Extraordinary, intuitive competence, at all levels, so that when Macedonian units get to where Alexander feels is the decisive point, they get the job done, even against the other side’s elite units. Known to maneuver warfare aficionados as Fingerspitzengefühl.

Unit cohesion, based on mutual trust earned through years of rigorous training together

Grand strategy—pumping up our morale and degrading that of the opponent; conducting operations so as not to plant the seeds of future unfavorable conflict

Lead from the front. No great commander has exceeded Alexander in sheer leadership or suffered as many wounds as a result.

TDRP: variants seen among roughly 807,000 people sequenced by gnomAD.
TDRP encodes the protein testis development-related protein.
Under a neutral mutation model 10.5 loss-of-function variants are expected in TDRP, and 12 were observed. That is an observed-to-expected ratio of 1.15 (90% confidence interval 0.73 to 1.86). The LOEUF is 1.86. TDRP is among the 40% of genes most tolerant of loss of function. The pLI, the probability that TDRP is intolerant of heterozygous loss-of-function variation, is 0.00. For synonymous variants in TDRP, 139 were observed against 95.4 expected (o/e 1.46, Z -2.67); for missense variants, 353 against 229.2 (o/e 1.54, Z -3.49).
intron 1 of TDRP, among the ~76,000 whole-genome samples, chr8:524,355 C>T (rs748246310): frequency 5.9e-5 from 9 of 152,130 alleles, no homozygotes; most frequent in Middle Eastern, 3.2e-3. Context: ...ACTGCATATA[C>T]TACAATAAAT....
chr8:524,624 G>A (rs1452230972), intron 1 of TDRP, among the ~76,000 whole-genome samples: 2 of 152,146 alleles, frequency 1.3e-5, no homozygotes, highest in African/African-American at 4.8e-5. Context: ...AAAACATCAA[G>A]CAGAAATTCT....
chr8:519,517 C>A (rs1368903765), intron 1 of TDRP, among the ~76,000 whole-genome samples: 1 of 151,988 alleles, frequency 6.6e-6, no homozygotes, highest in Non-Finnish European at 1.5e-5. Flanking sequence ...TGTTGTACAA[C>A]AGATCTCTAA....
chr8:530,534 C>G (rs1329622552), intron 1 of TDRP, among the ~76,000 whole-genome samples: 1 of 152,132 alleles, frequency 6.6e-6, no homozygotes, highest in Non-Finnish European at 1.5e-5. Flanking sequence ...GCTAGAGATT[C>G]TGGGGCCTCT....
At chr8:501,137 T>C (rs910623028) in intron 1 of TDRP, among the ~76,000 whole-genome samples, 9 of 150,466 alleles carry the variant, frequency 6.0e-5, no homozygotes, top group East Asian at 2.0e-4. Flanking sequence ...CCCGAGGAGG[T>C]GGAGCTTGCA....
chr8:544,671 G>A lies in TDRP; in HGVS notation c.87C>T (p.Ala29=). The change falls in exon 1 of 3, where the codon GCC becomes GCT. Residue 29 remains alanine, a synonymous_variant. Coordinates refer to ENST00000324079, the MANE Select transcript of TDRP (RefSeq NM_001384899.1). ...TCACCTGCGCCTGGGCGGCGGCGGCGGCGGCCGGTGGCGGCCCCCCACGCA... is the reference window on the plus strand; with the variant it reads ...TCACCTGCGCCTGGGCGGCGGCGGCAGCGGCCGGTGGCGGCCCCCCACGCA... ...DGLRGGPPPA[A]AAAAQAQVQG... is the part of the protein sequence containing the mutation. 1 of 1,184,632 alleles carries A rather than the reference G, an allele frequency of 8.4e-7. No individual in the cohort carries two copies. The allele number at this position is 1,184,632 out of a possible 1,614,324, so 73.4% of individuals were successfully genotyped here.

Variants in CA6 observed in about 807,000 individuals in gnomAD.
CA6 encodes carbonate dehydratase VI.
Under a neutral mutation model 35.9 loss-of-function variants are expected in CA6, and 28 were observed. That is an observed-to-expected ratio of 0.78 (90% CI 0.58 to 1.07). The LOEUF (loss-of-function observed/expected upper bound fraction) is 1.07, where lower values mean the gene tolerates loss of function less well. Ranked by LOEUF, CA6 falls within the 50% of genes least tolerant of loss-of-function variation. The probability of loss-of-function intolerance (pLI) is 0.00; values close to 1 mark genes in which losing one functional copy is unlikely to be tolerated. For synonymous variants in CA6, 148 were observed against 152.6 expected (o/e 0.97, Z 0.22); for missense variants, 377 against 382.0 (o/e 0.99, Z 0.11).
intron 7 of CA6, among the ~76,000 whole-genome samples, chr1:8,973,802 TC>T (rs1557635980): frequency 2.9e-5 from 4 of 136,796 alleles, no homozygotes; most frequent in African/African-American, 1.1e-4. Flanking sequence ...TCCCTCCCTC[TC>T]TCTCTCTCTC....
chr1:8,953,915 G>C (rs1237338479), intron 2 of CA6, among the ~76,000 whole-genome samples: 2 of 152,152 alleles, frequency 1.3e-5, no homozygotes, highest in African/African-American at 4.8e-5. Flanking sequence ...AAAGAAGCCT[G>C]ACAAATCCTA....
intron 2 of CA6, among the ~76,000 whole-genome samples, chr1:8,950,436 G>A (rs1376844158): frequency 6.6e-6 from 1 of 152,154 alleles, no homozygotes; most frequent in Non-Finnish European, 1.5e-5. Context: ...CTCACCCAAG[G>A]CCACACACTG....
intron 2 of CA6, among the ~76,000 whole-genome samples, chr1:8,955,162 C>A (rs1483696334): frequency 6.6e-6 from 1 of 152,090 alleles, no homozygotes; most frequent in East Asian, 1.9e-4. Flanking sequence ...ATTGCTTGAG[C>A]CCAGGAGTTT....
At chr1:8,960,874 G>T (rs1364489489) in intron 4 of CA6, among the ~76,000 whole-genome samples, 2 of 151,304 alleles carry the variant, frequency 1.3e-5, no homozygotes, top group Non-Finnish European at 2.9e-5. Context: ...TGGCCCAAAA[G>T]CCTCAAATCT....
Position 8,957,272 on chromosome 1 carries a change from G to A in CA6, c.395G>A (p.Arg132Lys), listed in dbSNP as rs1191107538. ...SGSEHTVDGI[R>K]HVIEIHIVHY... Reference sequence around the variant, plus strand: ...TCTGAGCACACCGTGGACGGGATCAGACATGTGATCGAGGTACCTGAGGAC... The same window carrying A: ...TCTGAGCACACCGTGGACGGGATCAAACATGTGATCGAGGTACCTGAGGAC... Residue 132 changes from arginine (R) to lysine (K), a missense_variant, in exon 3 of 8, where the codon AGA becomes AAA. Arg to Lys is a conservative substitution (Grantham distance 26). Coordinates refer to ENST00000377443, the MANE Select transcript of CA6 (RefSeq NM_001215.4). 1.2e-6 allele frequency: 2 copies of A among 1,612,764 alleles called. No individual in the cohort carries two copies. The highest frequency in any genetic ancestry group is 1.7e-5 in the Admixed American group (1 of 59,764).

Creating, as opposed to just discovering or predicting, enemy weaknesses

Mission oriented orders, or as the military often calls it, Auftragstaktik

Deception, and in particular, “according deceptively with the intentions of the enemy,” to quote Sun Tzu

“As if one were commanding both sides” – a description great commanders often use of how the battle seemed

Directed telescope – a device for ensuring the commander isn’t being told only what subordinates think he wants to hear

Quick “OODA” loops – the ability simultaneously to take in information, decide what it means, and act upon it

Cheng/Ch’i - orthodox played against unorthodox tactics as a means to dislocate the enemy mentally and physically

Using timing and maneuver to overcome sizable disadvantages in mass

Surprise; selecting the maneuver that we feel will be the least expected

Emphasis on penetration as opposed to attrition along the line

Measures to deal with the fog of war (and the literal obscurity of the battlefield)